Udayin (c. 460-444 BCE) also known as Udayabhadra was a king of Magadha in ancient India. According to the Buddhist and Jain accounts, he was the son and successor of the Haryanka king Ajatashatru. Udayin laid the foundation of the city of Pataliputra at the confluence of two rivers, the Son and the Ganges. He shifted his capital from Rajgriha to Patliputra due to the latter's central location in the empire.

According to the Buddhist accounts, the successors of the Magadha ruler Bimbisara were Ajatashatru, Udayabhadda (Udayin), Anuruddha, Munda and Nagadasaka.[1] The Jain tradition also mentions Udayin as the son and successor of Ajatashatru.[2] However, the Puranas name the successors of Bimbisara as Ajatashatru, Darshaka, Udayin, Nandivardhana and Mahanandin.[1][3] The Matsya Purana names Vamsaka as the successor of Ajatashatru.[4] Since the Puranas were composed at a later date, the Buddhist tradition seems to be more reliable.[1] The Nagadasaka of the Buddhist chronicles is identified with the "Darshaka" of the Puranas.[5]

Professor H. C. Seth (1941) identified Udayin with the king Udayana mentioned in the Sanskrit play Svapnavasavadatta.[4] The Chinese traveler Xuanzang states that the last descendant of Bimbisara built a sangharama (monastery) at Tiladaka. Seth theorized that this last descendant was Darshaka, and Udayin established a new dynasty, as signified by his transfer of the empire's capital from Rajgriha to Pataliputra.[6] Liladhar B. Keny (1943) criticized Seth's theory as incorrect. According to him, the Udayana of Svapnavasavadatta was a different king, who ruled Vatsa kingdom with his capital at Kaushambi.[4]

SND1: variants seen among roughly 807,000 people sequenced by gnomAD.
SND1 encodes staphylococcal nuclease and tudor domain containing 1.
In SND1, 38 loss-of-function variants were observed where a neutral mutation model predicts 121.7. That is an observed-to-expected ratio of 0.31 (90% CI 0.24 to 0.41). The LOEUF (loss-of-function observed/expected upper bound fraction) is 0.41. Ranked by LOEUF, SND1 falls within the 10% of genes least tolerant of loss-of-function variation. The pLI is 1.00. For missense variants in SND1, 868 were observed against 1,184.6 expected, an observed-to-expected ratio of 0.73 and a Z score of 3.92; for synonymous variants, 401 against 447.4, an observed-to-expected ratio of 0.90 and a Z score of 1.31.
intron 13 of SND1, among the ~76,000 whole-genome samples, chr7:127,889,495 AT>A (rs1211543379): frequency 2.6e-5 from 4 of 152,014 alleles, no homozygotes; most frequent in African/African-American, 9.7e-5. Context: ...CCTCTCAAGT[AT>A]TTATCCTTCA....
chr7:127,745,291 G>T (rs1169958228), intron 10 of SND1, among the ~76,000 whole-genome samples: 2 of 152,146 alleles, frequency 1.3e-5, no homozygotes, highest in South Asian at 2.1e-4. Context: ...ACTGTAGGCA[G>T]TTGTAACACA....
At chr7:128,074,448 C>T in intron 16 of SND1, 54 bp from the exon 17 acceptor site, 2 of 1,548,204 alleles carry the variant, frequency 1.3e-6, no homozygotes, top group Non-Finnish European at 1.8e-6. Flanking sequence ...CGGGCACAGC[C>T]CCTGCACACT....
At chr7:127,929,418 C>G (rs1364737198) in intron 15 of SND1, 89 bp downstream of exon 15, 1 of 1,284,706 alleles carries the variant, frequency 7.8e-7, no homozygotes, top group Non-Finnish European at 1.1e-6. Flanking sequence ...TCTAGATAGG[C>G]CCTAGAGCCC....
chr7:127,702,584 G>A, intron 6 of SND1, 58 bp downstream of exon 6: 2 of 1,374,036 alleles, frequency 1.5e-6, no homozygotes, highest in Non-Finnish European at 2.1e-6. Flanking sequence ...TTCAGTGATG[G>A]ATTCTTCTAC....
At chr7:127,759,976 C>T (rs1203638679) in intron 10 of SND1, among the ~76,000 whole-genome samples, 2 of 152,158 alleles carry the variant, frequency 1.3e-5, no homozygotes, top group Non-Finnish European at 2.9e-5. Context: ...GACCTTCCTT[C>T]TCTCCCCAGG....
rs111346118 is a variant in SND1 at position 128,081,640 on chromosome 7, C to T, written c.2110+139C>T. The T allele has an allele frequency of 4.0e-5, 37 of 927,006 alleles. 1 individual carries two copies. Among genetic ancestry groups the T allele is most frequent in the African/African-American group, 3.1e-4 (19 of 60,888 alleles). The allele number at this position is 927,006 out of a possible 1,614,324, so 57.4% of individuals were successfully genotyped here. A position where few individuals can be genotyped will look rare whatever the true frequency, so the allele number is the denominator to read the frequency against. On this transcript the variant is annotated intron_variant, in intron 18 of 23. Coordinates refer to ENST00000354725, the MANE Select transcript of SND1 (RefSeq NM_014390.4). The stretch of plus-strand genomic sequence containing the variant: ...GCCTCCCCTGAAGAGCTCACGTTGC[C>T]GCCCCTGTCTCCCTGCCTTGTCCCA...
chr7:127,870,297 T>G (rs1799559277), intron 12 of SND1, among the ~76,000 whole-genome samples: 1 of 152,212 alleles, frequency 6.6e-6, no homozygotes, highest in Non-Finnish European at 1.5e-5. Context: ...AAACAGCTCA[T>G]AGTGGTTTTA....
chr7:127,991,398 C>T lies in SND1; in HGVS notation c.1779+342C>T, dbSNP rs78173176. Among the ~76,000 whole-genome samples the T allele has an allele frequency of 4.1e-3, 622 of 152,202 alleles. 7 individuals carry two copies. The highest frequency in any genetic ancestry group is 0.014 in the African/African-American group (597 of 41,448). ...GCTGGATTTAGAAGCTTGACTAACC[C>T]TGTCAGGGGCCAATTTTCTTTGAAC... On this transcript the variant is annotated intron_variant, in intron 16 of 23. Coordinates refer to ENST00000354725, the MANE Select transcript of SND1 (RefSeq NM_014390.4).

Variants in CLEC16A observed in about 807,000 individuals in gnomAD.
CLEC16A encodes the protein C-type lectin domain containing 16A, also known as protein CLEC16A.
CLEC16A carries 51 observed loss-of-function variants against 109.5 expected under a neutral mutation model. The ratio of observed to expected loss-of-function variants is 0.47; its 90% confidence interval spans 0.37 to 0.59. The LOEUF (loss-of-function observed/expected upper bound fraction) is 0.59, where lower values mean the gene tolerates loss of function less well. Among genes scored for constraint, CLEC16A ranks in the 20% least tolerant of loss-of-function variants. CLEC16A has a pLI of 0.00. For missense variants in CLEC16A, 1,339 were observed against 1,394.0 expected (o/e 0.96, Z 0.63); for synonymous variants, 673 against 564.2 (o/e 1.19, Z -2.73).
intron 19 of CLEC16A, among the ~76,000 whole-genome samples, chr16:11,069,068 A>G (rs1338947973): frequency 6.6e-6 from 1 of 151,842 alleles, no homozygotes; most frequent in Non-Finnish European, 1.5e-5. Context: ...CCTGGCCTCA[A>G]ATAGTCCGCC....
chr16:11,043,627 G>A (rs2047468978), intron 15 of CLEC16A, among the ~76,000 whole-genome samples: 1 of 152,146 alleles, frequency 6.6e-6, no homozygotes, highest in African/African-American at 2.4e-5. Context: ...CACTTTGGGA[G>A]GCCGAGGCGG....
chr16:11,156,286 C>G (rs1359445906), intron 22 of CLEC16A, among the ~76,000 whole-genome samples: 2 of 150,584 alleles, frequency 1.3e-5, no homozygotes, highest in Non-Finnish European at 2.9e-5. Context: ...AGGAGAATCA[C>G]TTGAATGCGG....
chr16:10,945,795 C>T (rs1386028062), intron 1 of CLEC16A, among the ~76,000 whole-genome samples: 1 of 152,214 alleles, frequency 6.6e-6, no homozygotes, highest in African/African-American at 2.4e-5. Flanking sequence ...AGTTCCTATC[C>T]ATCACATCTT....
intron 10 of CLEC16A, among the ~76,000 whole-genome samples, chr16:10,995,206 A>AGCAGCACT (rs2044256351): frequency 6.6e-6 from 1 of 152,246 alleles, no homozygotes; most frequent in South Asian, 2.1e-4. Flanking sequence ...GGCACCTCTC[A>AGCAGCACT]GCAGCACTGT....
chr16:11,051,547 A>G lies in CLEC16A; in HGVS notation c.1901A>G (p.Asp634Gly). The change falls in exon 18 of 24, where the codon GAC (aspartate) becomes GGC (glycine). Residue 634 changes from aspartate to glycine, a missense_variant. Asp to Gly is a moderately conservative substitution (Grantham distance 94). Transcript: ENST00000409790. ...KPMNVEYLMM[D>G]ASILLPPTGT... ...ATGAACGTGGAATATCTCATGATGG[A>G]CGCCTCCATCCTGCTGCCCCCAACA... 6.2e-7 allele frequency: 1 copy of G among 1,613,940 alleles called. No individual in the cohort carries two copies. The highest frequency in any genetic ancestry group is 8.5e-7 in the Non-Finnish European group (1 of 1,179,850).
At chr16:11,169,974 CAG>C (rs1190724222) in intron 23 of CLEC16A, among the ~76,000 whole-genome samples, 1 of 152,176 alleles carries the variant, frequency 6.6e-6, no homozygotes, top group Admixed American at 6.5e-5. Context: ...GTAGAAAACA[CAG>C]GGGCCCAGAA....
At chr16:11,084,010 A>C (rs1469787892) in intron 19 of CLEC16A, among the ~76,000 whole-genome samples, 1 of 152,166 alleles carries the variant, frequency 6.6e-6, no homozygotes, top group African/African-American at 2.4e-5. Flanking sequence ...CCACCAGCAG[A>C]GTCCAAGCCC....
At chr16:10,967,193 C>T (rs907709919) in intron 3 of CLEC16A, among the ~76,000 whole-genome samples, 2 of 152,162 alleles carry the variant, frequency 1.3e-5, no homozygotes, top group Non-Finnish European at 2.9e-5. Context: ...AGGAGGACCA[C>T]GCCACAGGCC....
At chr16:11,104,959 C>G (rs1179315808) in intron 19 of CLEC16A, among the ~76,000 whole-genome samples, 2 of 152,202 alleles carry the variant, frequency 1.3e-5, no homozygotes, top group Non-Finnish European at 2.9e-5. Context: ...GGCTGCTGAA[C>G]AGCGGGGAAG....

R. G. Bhandarkar notes that the name of Darshaka (Dasaka) is prefixed with the word "Naga" in the Buddhist chronicles, which may signify his detachment to his successors and his attachment to the Nagas of Padmavati . This implies that he may be from a different family and had become the king approximately three generations after Ajatashatru, not immediately succeeding him.[7]

The Buddhist traditions state that Udayin was Ajatashatru's favourite son, and was alive during the reign of his grandfather Bimbisara. When Ajatashatru met Gautama Buddha, Udayin was a young prince.[5] Udayin ruled during c. 460-444 BC.[8] he established his capital at Pataliputra at the confluence of the Son and the Ganges rivers.[9] His father had built a fort here to repulse a potential Pradyota invasion from Avanti. Udayin moved his capital to Pataliputra, probably because it was at the centre of his growing kingdom.[2]

He defeated Palaka of Avanti multiple times but was ultimately killed by him in 444 BC.[10] The Puranas mention Nandivardhana as the successor of Udayin. However, the Sri Lankan Buddhist chronicles state that he was succeeded by Anuruddha. These Buddhist chronicles also state that all the kings from Ajatashatru to Nagadasaka, including Udayin, killed their fathers.[2] Jain texts mention that Uadyin was killed by an assassin of rival kingdom.[9] Being childless, he was succeeded by Nanda who was selected by his ministers.[9]